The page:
One relative said "I just can't praise the home enough. The staff are absolutely excellent, every one one of them".

Due to people's conditions we were not able to discuss their experience in detail. A relative told us "All staff are very good here, they are polite and would do anything for you"'. They added "Staff really know the people that live here and know their personalities"

Staff were seen to explain to people about what they were doing when providing care. For example when helping a person to stand, the staff member explained why they needed to help them, how they were going to do it and if it was alright for them to do it.

One relative told us "Staff are very sensitive to people's needs, they are all wonderful." They added "Staff go above what is expected and do those little extra things that show just how much they care."

An external therapist visiting the home said they were "very impressed" with the standard of care. They added that staff "told people exactly what was going to happen" and were "gentle".

Is the service responsive?

There was evidence that advocacy was used for some people. We spoke with an advocate who had represented some of the residents for a number of years. They told us "I have seen enormous improvements with some people since moving here, you can tell people are happy."

Close links were evident with other professions such as GP, hospital and dentist. It was evident that the home regularly sought the support of relevant professional advice. This showed that staff were given information to enable them to provide care that met people's specific needs.

People's care was planned and delivered in a way that protected people from unlawful discrimination. Reasonable adjustments had been made to meet individual needs. For example the home was adapted to meet disability access needs and specialist equipment was available.

One staff member said "It's really important to build a relationship with people, you become able to learn and understand their own style of communication." They added "I have learnt to recognise certain noises or behaviour as their way of telling me just what they want."

One staff member told us "I had felt the need to learn more about autism to support people's needs." By approaching the manager and discussing further training a course was agreed and attended within a few months. The staff member felt confident with the new skills and went on to share experience with other staff.

Is the service well led?

The Registered Manager demonstrated a good awareness of the needs of the people that lived in the home and looked at good practice guidance in order to improve care provided.

Staff told us that they felt supported to carry out their role. They felt that the manager was approachable, professional and supportive. We saw evidence of staff meetings hosted by the manager. This showed that staff were provided with support in a number of different ways, through supervision, staff meetings and by the manager having an open door policy.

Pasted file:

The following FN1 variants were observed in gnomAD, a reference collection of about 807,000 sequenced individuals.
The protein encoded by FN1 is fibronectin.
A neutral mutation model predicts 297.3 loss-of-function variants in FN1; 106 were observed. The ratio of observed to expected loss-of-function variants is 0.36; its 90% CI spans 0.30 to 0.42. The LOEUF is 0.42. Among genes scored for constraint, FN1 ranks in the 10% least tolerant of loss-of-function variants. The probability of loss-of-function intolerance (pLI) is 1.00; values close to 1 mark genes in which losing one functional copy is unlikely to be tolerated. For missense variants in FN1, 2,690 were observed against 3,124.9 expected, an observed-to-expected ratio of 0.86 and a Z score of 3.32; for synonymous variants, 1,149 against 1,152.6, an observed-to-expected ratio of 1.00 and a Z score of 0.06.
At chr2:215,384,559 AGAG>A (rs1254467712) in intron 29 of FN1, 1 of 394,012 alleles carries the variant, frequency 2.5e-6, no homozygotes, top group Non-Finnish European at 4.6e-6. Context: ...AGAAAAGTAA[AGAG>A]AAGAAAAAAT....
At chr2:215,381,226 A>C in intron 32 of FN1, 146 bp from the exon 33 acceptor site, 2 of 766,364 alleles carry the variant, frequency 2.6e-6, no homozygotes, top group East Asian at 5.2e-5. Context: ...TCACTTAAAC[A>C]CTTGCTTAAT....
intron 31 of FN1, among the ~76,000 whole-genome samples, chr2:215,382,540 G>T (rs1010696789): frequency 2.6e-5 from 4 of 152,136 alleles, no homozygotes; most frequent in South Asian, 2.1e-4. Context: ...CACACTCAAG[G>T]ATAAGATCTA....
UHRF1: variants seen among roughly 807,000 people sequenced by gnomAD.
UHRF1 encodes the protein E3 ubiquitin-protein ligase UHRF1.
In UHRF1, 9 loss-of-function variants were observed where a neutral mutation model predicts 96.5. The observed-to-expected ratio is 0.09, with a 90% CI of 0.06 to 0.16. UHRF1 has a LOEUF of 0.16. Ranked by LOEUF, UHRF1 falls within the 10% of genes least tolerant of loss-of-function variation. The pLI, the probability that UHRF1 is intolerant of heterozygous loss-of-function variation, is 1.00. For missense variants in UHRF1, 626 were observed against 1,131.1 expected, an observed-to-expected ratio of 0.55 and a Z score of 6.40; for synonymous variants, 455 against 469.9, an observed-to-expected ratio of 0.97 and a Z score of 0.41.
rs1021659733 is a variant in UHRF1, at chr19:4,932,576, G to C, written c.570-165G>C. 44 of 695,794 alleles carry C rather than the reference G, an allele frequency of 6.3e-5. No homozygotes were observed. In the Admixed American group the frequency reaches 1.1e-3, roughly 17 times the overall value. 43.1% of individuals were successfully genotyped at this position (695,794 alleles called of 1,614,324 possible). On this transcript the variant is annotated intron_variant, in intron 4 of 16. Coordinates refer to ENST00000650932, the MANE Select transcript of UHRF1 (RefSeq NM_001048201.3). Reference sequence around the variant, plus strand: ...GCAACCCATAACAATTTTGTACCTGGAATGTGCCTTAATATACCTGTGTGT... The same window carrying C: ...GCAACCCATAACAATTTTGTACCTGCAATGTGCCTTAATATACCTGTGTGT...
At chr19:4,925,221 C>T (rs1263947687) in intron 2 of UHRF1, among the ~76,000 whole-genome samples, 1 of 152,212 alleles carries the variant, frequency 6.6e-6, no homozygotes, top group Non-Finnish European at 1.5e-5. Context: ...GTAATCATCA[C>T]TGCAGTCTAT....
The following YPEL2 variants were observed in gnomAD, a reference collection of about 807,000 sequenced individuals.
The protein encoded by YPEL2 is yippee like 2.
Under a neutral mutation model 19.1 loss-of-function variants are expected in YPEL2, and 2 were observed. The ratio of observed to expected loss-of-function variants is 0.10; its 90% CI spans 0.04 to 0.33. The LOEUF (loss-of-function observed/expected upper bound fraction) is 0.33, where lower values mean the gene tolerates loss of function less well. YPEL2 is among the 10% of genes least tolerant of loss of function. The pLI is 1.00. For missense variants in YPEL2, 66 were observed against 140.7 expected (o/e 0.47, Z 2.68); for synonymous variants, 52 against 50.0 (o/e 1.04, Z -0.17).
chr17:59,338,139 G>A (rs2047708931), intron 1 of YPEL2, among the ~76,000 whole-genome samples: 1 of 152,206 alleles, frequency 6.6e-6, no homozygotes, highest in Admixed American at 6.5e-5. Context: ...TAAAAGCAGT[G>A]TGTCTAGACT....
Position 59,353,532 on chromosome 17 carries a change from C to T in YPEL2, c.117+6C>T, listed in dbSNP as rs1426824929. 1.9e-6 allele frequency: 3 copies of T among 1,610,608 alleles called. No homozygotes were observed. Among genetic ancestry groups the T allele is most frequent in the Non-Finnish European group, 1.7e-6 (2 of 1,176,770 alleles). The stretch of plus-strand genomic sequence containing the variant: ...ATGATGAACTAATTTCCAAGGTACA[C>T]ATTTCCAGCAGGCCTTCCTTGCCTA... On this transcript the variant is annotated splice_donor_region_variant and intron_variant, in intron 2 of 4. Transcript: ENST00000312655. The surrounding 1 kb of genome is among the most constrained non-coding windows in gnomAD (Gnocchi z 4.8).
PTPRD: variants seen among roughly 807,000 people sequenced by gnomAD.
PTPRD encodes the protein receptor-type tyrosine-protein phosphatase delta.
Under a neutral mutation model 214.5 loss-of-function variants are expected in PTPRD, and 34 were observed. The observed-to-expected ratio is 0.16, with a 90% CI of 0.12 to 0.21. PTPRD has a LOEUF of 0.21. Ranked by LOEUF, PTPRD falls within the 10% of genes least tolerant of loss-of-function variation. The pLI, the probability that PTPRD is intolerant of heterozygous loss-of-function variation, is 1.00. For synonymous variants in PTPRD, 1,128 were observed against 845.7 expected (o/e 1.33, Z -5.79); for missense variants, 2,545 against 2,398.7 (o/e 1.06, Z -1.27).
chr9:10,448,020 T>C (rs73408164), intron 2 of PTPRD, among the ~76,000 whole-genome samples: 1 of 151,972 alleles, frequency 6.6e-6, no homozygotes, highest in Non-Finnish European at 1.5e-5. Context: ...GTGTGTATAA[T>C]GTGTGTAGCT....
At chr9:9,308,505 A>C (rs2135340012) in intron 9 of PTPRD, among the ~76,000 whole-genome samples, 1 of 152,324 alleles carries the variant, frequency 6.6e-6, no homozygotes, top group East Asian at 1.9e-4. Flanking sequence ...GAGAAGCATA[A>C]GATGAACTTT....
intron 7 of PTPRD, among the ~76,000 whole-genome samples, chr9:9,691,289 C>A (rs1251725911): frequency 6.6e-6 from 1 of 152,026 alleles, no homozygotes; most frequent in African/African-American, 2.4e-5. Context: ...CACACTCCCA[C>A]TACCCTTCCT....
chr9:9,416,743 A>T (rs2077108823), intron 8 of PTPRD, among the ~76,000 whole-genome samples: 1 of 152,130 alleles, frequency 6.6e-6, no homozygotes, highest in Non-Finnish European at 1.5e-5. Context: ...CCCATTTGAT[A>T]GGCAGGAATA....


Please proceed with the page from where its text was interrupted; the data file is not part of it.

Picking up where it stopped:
Staff reported that they had regular supervision meetings with the manager. Staff members said they "Felt free to discuss anything and any suggestions on improvements were always considered."

The manager told us they operated an 'open door' policy and were frequently within the home and worked alongside staff when required.

One staff member told us "The training is always good, it makes you think about the things you do". Another said "The manager is very approachable if I need to discuss anything and I could use my supervision time if needed". This demonstrated that people could be confident that the manager would identify and respond to any safeguarding matters promptly and correctly.

Inspection carried out on 10 April 2013

During a routine inspection

On the day of our inspection 12 people were living in the home. We spoke with two people, two relatives, two visiting health professionals, one advocate and four staff.

People who lived in the home had limited verbal communication and therefore were not able to tell us about their experiences. We spent time observing interactions between people and the care workers who were supporting them. We observed interaction between staff and people living in the home that was respectful, positive and encouraging. Relatives, health professionals and an advocate were positive about the care and support provided. Comments included “the staff are brilliant and we’re always welcomed” and “people always look smart, well cared for and happy.

We found that care workers were receiving appropriate training and professional development so they could carry out their job role effectively. Care workers knew how to report concerns to ensure people were protected from the risk of harm.

Records were accurate, kept up-to-date and stored securely.